It’s the second day of summer. It’s raining. And the Lower Course at Baltusrol Golf Club yields bounces, thumps and other on-the-ground delights.
Walk the first fairway. Bracing for squishes underneath soft spikes? Don’t fret. Strut forward and allow a nifty network of pipe, sand, gravel, soil, valve and passages to do their thing. Pouncing on this prized and historic piece of New Jersey golf land in 2021 — and beyond — means stepping in fewer (if any) puddles and experiencing a course with the abundance of options A.W. Tillinghast envisioned in 1922 when he completed what later became a National Historic Landmark that has hosted seven U.S. Opens, two PGA Championships and two U.S. Women’s Opens.
Plenty changes in 99 years, though. Bet Tillinghast didn’t envision that humming near the second tee. That reassuring subsurface sound emanates from a PrecisionAire system installed to help putting surfaces thrive in lousy weather. Who says approach shots can’t thump and then trickle up, over and around Golden Age contours on wet days?
Bet Tillinghast also didn’t envision the ingenuity, grit, coordination, adaptability and courage required to restore his work on one of his most well-known courses.
Baltusrol unveiled the reconstructed Lower Course to its members on May 18, 2021, ending a process filled with anticipation and nearly halted by a global pandemic.
Greg Boring arrived as director of grounds in January 2019 and major decisions, including whether to embrace or attempt to eradicate Poa annua on greens, had to be made. By Boring’s first fall on the job, which included a significant clubhouse fire, crews were placing mainlines for the new irrigation system.
Construction was scheduled to accelerate in April 2020 with the arrival of a large crew from golf course builder Total Turf Golf Services. The club opted to start earlier than planned. Total Turf’s and Boring’s teams started executing a thorough plan devised by architect Gil Hanse on March 2, 2020. “Who knows what would have happened had we not started early?” Total Turf vice president Greg Hufner says.
A few weeks after construction commenced, the magnitude of the COVID-19 pandemic emerged throughout the New York City metropolitan area. Office jobs moved to remote locations; some occupations and businesses were ordered to temporarily halt or adapt work methods. Outdoor construction continued and crews restoring Baltusrol operated from separate carts, staging areas, housing and even restrooms. Everything slowed outside the club, to the point where a lack of traffic reduced Boring’s 32-mile, 70-minute commute to Baltusrol from his western New Jersey home to 30 minutes.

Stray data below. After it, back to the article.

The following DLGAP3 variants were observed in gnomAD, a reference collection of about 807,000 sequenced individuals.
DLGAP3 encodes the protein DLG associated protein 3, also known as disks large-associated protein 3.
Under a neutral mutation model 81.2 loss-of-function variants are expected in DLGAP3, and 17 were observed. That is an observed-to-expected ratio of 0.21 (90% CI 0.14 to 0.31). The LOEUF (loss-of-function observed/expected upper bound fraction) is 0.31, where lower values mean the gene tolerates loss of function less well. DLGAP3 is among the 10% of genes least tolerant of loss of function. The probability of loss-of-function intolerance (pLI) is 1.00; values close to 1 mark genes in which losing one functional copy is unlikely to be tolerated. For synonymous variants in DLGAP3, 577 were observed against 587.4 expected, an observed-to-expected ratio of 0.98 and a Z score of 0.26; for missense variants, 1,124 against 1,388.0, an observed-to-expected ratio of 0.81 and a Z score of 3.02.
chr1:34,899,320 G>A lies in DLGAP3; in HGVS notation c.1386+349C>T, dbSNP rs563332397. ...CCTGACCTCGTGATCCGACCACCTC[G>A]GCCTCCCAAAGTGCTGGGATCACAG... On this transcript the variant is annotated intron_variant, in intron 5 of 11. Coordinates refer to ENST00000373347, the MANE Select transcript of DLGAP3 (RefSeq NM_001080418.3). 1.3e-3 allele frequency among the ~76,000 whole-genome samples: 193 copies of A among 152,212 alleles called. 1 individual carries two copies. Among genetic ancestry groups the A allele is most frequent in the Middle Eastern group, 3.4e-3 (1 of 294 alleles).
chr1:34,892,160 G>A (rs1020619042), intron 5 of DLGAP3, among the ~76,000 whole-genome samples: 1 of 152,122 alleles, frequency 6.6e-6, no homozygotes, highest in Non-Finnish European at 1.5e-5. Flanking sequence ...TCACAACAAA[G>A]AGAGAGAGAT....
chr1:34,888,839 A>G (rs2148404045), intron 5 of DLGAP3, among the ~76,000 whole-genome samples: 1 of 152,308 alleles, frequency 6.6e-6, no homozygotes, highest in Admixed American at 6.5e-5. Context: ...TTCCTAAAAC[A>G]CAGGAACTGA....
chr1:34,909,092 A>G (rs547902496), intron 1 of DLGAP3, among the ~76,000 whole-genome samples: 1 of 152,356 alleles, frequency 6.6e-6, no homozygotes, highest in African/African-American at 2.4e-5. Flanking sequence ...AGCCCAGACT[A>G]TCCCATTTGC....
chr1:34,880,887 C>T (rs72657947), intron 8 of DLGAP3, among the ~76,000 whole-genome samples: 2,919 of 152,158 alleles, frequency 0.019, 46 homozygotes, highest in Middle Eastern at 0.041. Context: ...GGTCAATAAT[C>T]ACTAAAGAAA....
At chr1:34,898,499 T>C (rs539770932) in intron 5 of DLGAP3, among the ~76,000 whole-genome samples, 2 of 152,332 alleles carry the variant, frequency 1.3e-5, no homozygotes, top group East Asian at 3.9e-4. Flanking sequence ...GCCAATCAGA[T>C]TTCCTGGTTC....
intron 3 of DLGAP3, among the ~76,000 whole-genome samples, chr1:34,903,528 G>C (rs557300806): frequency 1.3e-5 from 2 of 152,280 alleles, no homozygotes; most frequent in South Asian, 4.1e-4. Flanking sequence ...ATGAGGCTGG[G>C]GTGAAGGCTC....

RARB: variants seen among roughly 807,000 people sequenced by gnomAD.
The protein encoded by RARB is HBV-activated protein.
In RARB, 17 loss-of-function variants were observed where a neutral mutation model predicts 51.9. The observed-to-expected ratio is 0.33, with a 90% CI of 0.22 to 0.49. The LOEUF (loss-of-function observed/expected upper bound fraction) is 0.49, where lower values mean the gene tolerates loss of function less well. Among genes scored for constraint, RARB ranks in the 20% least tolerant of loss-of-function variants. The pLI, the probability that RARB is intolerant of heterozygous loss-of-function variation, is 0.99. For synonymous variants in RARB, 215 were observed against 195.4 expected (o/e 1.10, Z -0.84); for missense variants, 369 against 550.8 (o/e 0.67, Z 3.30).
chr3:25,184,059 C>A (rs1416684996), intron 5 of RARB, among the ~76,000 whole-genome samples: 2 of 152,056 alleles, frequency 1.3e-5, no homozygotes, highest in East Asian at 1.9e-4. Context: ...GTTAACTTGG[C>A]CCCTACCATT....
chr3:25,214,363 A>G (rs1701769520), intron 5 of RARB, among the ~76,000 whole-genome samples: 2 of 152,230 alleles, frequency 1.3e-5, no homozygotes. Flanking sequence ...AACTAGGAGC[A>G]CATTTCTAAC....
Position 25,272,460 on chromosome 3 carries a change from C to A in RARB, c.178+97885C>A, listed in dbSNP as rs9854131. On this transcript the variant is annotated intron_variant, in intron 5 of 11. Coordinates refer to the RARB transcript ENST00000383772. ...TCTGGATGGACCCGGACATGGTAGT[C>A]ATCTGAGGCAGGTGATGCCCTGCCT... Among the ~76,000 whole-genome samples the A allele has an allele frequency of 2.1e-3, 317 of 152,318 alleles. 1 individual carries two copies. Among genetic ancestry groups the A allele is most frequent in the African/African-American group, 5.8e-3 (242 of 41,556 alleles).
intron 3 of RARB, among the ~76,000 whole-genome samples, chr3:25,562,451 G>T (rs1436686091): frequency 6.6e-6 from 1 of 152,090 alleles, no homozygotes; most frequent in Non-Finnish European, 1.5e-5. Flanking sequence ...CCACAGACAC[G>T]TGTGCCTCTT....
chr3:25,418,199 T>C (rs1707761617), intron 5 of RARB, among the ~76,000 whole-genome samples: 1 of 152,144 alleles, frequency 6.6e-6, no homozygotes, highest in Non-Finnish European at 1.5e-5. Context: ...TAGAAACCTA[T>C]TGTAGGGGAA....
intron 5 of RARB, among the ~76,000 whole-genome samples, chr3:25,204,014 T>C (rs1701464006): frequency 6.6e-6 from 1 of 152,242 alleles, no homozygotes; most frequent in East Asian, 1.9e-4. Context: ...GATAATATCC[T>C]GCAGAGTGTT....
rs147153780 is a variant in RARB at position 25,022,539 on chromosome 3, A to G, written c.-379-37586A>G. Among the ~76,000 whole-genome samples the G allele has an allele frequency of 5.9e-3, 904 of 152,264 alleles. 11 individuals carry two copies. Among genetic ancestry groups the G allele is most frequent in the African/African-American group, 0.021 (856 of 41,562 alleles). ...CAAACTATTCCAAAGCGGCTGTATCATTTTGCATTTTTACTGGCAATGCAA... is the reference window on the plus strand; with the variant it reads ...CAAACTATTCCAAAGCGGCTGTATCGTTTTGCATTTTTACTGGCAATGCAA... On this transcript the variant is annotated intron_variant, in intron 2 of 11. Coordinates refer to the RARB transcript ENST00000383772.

Tillinghast designed a pair of championship courses at Baltusrol — a similar restoration is planned for the Upper Course in 2024 — and each course requires around 22 grounds employees when fully staffed. The pandemic prevented both courses from approaching budgeted 2020 crew sizes. Lower Course superintendent Shawn Haverdink, who served as a project manager, had 12 employees for grow in and regular maintenance. Upper Course superintendent Jeff Reggio maintained the club’s open course with 12 employees. The Upper Course received more than 27,000 rounds in 2020, a significant total considering the state didn’t permit golf in March and April, and groups were limited to twosomes when courses reopened in May. A busy year at Baltusrol, according to Boring, includes around 35,000 rounds between both courses. “It was a daunting task for those guys,” says Boring, referring to Haverdink and Reggio, “but they did a great job.”
“For me, it was pretty much a big adrenaline rush every day because you are so busy running around to different places,” Haverdink says. “The day goes by fast, even if it’s 12 hours.”
Uncertainty permeated throughout spring 2020. Crews, for example, worked on the third green during an April evening using vehicle lights to illuminate the surface. Tasks often extended into darkness because of the murkiness surrounding state and local pandemic mandates. “We were trying to get that done because we weren’t sure if we would be able to continue the next day,” Haverdink says.
Fortunately, the project included no major interruptions and the primary motivator for members of Boring’s team remained unchanged despite the unknowns and lengthy days. “Our staff realized we were restoring Baltusrol,” Boring says. “If you can’t get up for that, you might want to go be an accountant. We looked past the hours and it brought us closer together as a team. Let’s face it, you couldn’t really do anything. You couldn’t go out and have a meal, you couldn’t go out and have a drink. Sure, there were times we saw a little too much of each other. But we got through it.”
Hanse regularly commuted from his southeast Pennsylvania home to oversee the progress during a period he calls “the strangest of strangest times.” As he traveled unimpeded on normally overcrowded roads, he revisualized inspiring onsite scenes. “What we saw was an amazing commitment from everybody on site to work their way through it,” he says.